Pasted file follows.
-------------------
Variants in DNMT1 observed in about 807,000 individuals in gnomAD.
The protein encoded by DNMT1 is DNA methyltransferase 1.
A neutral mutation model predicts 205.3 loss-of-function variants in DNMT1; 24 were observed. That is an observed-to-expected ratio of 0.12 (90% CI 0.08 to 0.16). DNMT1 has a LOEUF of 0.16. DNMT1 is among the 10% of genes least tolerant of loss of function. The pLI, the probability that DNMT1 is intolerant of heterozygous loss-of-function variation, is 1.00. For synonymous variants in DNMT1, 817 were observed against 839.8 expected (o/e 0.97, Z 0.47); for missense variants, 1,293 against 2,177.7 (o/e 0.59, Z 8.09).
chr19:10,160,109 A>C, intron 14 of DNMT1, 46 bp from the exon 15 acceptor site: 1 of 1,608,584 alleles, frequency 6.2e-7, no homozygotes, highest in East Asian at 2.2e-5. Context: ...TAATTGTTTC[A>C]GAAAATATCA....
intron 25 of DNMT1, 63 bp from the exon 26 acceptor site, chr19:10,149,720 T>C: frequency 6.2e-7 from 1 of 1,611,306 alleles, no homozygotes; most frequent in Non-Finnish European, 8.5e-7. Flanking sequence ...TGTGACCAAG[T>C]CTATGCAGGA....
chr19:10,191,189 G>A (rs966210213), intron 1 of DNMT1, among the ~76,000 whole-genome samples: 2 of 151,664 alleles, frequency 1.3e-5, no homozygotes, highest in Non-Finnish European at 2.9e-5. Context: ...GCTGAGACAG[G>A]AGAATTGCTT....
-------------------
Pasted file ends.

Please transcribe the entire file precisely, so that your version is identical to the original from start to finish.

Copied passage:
Variants in DNMT1 observed in about 807,000 individuals in gnomAD.
The protein encoded by DNMT1 is DNA methyltransferase 1.
A neutral mutation model predicts 205.3 loss-of-function variants in DNMT1; 24 were observed. That is an observed-to-expected ratio of 0.12 (90% CI 0.08 to 0.16). DNMT1 has a LOEUF of 0.16. DNMT1 is among the 10% of genes least tolerant of loss of function. The pLI, the probability that DNMT1 is intolerant of heterozygous loss-of-function variation, is 1.00. For synonymous variants in DNMT1, 817 were observed against 839.8 expected (o/e 0.97, Z 0.47); for missense variants, 1,293 against 2,177.7 (o/e 0.59, Z 8.09).
chr19:10,160,109 A>C, intron 14 of DNMT1, 46 bp from the exon 15 acceptor site: 1 of 1,608,584 alleles, frequency 6.2e-7, no homozygotes, highest in East Asian at 2.2e-5. Context: ...TAATTGTTTC[A>C]GAAAATATCA....
intron 25 of DNMT1, 63 bp from the exon 26 acceptor site, chr19:10,149,720 T>C: frequency 6.2e-7 from 1 of 1,611,306 alleles, no homozygotes; most frequent in Non-Finnish European, 8.5e-7. Flanking sequence ...TGTGACCAAG[T>C]CTATGCAGGA....
chr19:10,191,189 G>A (rs966210213), intron 1 of DNMT1, among the ~76,000 whole-genome samples: 2 of 151,664 alleles, frequency 1.3e-5, no homozygotes, highest in Non-Finnish European at 2.9e-5. Context: ...GCTGAGACAG[G>A]AGAATTGCTT....